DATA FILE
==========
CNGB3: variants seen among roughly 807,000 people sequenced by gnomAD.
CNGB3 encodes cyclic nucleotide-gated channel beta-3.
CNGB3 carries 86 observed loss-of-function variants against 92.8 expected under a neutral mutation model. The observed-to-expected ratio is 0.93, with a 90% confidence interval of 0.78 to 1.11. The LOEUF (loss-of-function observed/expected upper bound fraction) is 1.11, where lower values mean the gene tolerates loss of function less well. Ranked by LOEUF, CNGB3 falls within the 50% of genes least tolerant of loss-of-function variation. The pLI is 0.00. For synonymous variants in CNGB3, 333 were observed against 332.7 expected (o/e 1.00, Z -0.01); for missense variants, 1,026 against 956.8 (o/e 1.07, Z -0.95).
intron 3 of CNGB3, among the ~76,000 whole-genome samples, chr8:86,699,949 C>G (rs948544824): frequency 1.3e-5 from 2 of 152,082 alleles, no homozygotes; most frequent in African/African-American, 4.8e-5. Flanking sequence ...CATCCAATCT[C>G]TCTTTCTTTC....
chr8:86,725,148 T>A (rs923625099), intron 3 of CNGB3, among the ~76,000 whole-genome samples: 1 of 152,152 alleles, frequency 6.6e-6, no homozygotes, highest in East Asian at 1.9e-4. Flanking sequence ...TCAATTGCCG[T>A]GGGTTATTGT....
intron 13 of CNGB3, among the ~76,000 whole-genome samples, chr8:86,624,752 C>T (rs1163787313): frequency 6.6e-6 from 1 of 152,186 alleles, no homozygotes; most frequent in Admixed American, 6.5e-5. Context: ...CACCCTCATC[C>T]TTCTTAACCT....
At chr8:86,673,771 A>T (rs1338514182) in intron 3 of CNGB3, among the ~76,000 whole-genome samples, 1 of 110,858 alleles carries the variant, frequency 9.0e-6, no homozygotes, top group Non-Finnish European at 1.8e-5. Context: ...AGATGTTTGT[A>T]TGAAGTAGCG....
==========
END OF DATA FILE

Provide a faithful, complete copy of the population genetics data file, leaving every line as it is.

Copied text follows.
CNGB3: variants seen among roughly 807,000 people sequenced by gnomAD.
CNGB3 encodes cyclic nucleotide-gated channel beta-3.
CNGB3 carries 86 observed loss-of-function variants against 92.8 expected under a neutral mutation model. The observed-to-expected ratio is 0.93, with a 90% confidence interval of 0.78 to 1.11. The LOEUF (loss-of-function observed/expected upper bound fraction) is 1.11, where lower values mean the gene tolerates loss of function less well. Ranked by LOEUF, CNGB3 falls within the 50% of genes least tolerant of loss-of-function variation. The pLI is 0.00. For synonymous variants in CNGB3, 333 were observed against 332.7 expected (o/e 1.00, Z -0.01); for missense variants, 1,026 against 956.8 (o/e 1.07, Z -0.95).
intron 3 of CNGB3, among the ~76,000 whole-genome samples, chr8:86,699,949 C>G (rs948544824): frequency 1.3e-5 from 2 of 152,082 alleles, no homozygotes; most frequent in African/African-American, 4.8e-5. Flanking sequence ...CATCCAATCT[C>G]TCTTTCTTTC....
chr8:86,725,148 T>A (rs923625099), intron 3 of CNGB3, among the ~76,000 whole-genome samples: 1 of 152,152 alleles, frequency 6.6e-6, no homozygotes, highest in East Asian at 1.9e-4. Flanking sequence ...TCAATTGCCG[T>A]GGGTTATTGT....
intron 13 of CNGB3, among the ~76,000 whole-genome samples, chr8:86,624,752 C>T (rs1163787313): frequency 6.6e-6 from 1 of 152,186 alleles, no homozygotes; most frequent in Admixed American, 6.5e-5. Context: ...CACCCTCATC[C>T]TTCTTAACCT....
At chr8:86,673,771 A>T (rs1338514182) in intron 3 of CNGB3, among the ~76,000 whole-genome samples, 1 of 110,858 alleles carries the variant, frequency 9.0e-6, no homozygotes, top group Non-Finnish European at 1.8e-5. Context: ...AGATGTTTGT[A>T]TGAAGTAGCG....